By Kevin O'Hanlon, Associated Press Writer
OHIOWA, Neb. (AP) - A sixth pipe bomb was found in a Nebraska
this time in a residential neighborhood, taking to 14 the
of mailbox bombs discovered across the Midwest since
An anti-government note found with the bombs warned of more
getters," and federal authorities described the apparently
placements as an act of domestic terrorism.
No arrests had been made in the case by Sunday morning.
"We're still trying to get this thing put together. We are
investigating," said FBI (news - web sites) spokesman
Pete Sakaris in Omaha.
Among the six people injured when bombs exploded Friday in rural
of eastern Iowa and northwestern Illinois, only a 61-year-old
hospitalized Sunday. Doris Zimmerman, who lives near
Anamosa, Iowa, was
listed in fair condition.
The other two bombs found Friday in Iowa and the six found
in Nebraska didn't go off, even though at least two of the
been picked up or moved by people reaching for their
mail. Five were in
rural roadside boxes; the sixth was in a mailbox
in a residential neighborhood
Gorlyn Nun said he saw a metal pipe, 9-volt battery and plastic
in his mailbox near Ohiowa, but simply moved it out of the way.
learned about the other pipe bombs and called authorities,
"I think this is just kind of a random thing," Nun said. "I don't
threatened or unsafe. We just happened to end up in this guy's
While authorities continued to search Sunday for the person or
responsible for the pipe bombs, Postal Service officials were
whether mail delivery to roadside boxes in the areas
would resume on Monday
or remain suspended, spokesman Richard Watkins
Watkins said there were no warnings and nothing to indicate that
was planting the bombs had a grievance against the agency.
"If there is something on file, we'll find it, but that's part of
ongoing investigation," Watkins said.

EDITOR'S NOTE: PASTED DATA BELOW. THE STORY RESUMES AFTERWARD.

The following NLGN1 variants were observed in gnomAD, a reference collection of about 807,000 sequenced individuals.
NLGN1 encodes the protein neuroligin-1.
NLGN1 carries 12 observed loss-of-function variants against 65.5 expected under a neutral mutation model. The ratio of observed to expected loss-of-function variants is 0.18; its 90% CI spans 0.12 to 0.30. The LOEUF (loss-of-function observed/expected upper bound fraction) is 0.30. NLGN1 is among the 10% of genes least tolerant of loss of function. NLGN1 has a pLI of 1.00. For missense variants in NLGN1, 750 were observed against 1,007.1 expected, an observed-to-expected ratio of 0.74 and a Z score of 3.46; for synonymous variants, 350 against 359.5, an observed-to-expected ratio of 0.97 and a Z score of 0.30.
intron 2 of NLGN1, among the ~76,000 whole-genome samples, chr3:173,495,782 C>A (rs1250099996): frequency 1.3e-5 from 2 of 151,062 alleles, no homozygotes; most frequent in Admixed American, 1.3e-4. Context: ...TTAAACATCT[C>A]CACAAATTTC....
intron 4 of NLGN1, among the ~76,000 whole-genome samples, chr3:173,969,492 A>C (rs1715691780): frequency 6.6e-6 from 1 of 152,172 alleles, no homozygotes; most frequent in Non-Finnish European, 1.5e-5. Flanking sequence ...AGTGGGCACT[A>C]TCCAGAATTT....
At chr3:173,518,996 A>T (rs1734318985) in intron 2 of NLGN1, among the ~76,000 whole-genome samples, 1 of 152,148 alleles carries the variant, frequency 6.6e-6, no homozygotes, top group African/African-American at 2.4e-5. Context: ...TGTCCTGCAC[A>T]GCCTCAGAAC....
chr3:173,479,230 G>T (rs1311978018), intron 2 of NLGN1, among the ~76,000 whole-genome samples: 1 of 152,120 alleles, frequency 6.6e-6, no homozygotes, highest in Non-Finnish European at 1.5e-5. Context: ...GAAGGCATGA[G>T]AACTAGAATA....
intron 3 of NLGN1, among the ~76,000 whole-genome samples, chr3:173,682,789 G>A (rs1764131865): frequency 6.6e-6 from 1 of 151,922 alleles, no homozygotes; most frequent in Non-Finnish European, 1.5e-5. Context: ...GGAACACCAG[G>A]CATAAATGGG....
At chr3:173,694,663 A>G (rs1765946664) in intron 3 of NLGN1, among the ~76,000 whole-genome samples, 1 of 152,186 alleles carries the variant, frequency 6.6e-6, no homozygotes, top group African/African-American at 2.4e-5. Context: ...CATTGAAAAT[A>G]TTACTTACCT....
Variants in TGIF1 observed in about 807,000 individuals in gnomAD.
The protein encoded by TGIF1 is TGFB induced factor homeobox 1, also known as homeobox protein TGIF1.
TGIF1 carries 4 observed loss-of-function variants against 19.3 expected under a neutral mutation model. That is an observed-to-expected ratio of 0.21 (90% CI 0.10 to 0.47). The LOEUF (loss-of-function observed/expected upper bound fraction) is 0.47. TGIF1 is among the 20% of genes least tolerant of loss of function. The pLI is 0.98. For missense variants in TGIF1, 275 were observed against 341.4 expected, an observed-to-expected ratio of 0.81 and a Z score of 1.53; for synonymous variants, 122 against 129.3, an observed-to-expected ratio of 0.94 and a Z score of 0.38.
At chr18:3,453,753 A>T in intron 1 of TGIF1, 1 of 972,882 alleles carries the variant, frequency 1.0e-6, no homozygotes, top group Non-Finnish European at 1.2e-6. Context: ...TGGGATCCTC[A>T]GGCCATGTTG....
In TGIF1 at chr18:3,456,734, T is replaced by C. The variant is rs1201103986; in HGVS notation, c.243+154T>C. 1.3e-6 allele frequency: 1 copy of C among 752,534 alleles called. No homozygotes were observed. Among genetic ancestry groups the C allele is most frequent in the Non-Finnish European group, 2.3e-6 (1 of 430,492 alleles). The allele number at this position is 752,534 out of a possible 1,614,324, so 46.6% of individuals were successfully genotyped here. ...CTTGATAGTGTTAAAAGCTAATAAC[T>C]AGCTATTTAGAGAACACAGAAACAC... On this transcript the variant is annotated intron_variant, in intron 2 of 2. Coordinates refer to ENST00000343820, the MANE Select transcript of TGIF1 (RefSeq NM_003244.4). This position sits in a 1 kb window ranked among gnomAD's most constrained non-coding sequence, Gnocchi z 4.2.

The FBI issued a message Saturday urging the bomber to stop and
"You have gotten our attention. We are not certain we understand
message. We would like to hear from you. We are listening," said
Dun, assistant special agent-in-charge of the FBI's Omaha
"You do not need to send any more attention getters," he said.
Clint Van Zandt, a retired FBI profiler who leading the team
with identifying the Unabomber, said the use of the term
in the note may indicate the writer is older.
Other aspects indicate the
writer may have mental health problems, is
probably a man and likely is
working either alone or with a few close
confidants, he said.
That the bombs were planted overnight indicates they likely were
targeted at rural residents but rather at the mail carriers, Van
"It's his believe we wouldn't go to the mailbox until the mailman
there," he said. "His target is either the post office itself or
as representatives of the government."
Postal officials said the bombs that were found Friday were
by typewritten notes in clear plastic bags that began:
"Mailboxes are exploding!
Why, you ask?"
Then it said, in part:
"If the government controls what you want to do they control what
can do. ... I'm obtaining your attention in the only way I can.
is on its way. More 'attention getters' are on the way."
It was signed, "Someone Who Cares."
Officials described the bombs as three-quarter-inch steel pipes
to a 9-volt battery, which appeared to be triggered by being
The FBI and U.S. Postal Service both urged residents and mail
to use caution when opening mailboxes and to report anything
"We are asking postal patrons to keep their mailboxes open. We
recommend they tape it open," said Rick Bowdren,
the Midwest division of the U.S. Postal
Inspection Service. "That way the
carrier making a delivery can look
in and patrons can look in and that
anxiety factor will be
Nebraska mail carrier Lyle Bartels said he was worried about
to his largely rural route. Two of the pipe bombs were in
"I'm just going to try to look the boxes over a little bit before
open them," said Bartels, of Ohiowa. "It's kind of scary."